How a Physicist Became a Mathematician


2023 marks the birth centenary of the influential mathematician Harish-Chandra who spent two important years at IISc

(Photo courtesy: National Academy of Sciences)


“The book of nature is written in the language of mathematics,” declared the Italian astronomer and physicist Galileo Galilei in an essay titled The Assayer published in 1623. Mathematics is an indispensable tool for physicists who strive to uncover the secrets of nature. The bond between the two subjects has always been strong – be it calculus developed by the English physicist Isaac Newton in his effort to understand the physics of flow and motion, or imaginary numbers discovered by the Italian mathematician Girolamo Cardano which proved indispensable in the formalisation of quantum mechanics centuries later.

Although the two subjects are closely related, they have vastly different goals and approaches. Physics, a modern science, cares more about understanding matter and its behaviour using theories, experiments, models, and observations, while mathematics, a much older discipline, is more concerned with abstract quantities, spaces, structures and ideas using purely logic and reasoning. This dichotomy, perhaps, is why physicists and mathematicians have different priorities and temperaments, and do not often switch teams. There are instances of mathematicians moving to physics, mostly to address theoretical questions for which they are trained. However, not many physicists give up their day job to ply their trade as “pure” mathematicians, barring a few.

One such exception is Harish-Chandra. Having started out in theoretical physics, he subsequently became one of the greatest modern mathematicians from India. He revolutionised representation theory and harmonic analysis of groups – fields that would grow into major topics of interest in the latter half of the 20th century. In his biography of Harish-Chandra, the Abel Prize-winning mathematician RP Langlands says this about Harish-Chandra’s contributions: “It is difficult to communicate the grandeur of Harish-Chandra’s achievements and I have not tried to do so. The theory he created still stands – if I may be excused a clumsy simile – like a Gothic cathedral, heavily buttressed below but, in spite of its great weight, light and soaring in its upper reaches, coming as close to heaven as mathematics can.”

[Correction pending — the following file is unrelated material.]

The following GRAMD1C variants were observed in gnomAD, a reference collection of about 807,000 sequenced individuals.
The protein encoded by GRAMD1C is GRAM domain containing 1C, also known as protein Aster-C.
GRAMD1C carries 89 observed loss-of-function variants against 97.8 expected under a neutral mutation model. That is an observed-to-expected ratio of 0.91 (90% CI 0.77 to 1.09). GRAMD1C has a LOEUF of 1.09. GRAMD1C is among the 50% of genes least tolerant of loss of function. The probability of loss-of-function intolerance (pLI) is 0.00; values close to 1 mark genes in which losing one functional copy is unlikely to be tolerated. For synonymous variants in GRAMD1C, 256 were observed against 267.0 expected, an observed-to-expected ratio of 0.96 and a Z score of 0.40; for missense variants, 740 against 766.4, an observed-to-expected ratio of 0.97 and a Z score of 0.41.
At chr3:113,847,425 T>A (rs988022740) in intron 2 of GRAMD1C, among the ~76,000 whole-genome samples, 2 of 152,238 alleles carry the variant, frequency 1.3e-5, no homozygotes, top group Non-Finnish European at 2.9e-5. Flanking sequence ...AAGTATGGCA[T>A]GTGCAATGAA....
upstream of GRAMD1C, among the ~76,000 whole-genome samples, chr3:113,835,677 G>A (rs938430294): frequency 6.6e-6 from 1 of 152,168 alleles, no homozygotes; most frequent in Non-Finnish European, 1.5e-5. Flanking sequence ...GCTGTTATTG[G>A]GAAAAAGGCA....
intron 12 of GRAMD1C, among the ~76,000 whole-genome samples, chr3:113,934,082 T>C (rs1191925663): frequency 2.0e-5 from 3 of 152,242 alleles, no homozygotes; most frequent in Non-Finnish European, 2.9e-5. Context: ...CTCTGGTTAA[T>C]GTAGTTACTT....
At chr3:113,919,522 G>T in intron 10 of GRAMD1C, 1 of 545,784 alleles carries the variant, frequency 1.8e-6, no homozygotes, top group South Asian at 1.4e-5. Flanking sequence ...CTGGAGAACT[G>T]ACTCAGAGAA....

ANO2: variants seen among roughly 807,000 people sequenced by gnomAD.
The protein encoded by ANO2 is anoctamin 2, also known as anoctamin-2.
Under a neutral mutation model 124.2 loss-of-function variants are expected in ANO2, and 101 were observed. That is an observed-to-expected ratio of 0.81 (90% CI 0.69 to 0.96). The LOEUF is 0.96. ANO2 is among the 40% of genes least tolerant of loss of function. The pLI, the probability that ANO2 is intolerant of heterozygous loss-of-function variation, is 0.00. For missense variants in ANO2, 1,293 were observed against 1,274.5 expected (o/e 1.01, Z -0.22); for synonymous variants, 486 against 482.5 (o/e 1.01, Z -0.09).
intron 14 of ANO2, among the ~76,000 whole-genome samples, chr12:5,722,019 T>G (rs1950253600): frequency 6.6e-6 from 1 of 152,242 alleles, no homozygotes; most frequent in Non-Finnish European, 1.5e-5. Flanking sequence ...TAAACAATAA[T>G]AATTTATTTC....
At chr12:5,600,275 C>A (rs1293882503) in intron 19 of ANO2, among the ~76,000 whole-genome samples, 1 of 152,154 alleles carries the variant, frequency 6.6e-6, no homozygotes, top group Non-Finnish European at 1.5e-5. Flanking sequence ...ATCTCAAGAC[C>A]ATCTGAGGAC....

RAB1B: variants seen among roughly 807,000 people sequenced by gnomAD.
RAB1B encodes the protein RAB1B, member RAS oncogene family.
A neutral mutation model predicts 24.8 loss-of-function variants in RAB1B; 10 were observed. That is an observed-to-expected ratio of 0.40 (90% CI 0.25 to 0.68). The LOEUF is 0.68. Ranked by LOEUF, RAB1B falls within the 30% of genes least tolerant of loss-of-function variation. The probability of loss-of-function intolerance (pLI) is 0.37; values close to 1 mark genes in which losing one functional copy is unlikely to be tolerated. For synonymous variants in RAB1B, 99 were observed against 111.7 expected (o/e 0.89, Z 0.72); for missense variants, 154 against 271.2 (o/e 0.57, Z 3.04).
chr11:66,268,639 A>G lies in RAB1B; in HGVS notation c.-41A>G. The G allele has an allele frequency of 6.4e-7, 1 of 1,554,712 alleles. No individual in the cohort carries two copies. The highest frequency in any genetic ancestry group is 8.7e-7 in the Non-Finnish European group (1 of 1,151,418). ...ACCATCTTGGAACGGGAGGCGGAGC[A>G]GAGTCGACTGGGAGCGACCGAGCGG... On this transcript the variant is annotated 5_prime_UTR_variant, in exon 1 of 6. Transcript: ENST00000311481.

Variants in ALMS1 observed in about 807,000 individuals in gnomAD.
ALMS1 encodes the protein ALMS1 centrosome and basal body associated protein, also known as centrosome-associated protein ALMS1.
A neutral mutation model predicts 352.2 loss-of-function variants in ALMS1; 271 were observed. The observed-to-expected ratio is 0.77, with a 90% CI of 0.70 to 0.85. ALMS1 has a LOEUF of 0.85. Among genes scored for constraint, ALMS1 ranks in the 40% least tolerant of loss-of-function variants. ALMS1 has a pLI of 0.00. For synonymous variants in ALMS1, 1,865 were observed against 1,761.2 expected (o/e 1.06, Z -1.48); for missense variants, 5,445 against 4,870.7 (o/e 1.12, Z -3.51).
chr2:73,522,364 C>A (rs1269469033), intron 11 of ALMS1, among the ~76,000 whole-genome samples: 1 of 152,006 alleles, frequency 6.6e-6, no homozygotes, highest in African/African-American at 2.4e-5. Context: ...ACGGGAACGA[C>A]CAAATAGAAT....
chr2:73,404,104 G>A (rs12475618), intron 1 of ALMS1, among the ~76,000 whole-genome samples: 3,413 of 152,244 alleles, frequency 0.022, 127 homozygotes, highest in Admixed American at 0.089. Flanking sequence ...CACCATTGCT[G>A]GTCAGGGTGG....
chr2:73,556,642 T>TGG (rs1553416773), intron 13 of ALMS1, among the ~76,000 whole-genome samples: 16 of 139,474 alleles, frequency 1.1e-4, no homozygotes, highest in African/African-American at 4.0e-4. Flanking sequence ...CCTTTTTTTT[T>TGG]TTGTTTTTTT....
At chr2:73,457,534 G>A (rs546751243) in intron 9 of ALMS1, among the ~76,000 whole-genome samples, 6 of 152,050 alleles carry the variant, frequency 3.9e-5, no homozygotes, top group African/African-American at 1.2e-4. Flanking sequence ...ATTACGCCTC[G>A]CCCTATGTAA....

But under what circumstances did Harish-Chandra switch to mathematics? It is rumoured that, while once on a walk with the renowned physicist Freeman Dyson at Cambridge, Harish-Chandra, then still in physics, said, “I am leaving physics for mathematics. I find physics messy, unrigourous, elusive.” The story seems to suggest that his decision to switch to mathematics was somewhat sudden. However, his transformation into a mathematician was far from abrupt.

A crush on math at Allahabad University

Harish-Chandra – he spelt his name with a hyphen after a mistake by a copyeditor at the Proceedings of the Royal Society – was born in 1923 in Kanpur, Uttar Pradesh. He was conspicuously precocious and successful in school, writes Roger Howe in a brief memoir about the mathematician published by the National Academy of Sciences, USA in 2011. “He graduated from Christ Church High School at 14, from intermediate college in Kanpur at 16, received the BSc from the University of Allahabad at 18, and the MSc at 20. On his MSc exam, in physics, he received first place in the state of Uttar Pradesh, with a perfect written examination, which earned him gold medals.”

As an undergraduate student, Harish-Chandra once stumbled upon physicist Paul Dirac’s book Principles of Quantum Mechanics at the university library. He was “immediately fascinated by it”, he writes on the occasion of Dirac’s 80th birthday, perhaps a harbinger of the significant role Dirac would play in his life later both as a mentor and a friend. During his Master’s at the same university, Harish-Chandra’s brilliance caught the eye of his teacher, the celebrated physicist and Head of the Department of Physics, KS Krishnan. Krishnan, according to Langlands, was delighted by his student’s passion for learning. “He encouraged Harish-Chandra in every possible way, lending him books like Hermann Weyl’s classic text, Raum-Zeit-Materie.” But even as Harish-Chandra was pursuing physics, he seems to have developed an interest in mathematics and a respect for mathematicians. This is revealed by a handwritten manuscript of Harish-Chandra’s, titled Algebra of Operators, in which he presents some results on mathematical operators and matrices, and contextualises their use in quantum mechanics. Equally pertinent is his view of mathematics in the introduction, where he calls it “the mother of all sciences”. He even admonishes the “thoughtless scientists” who just treat it as a tool and do not give it the respect it deserves.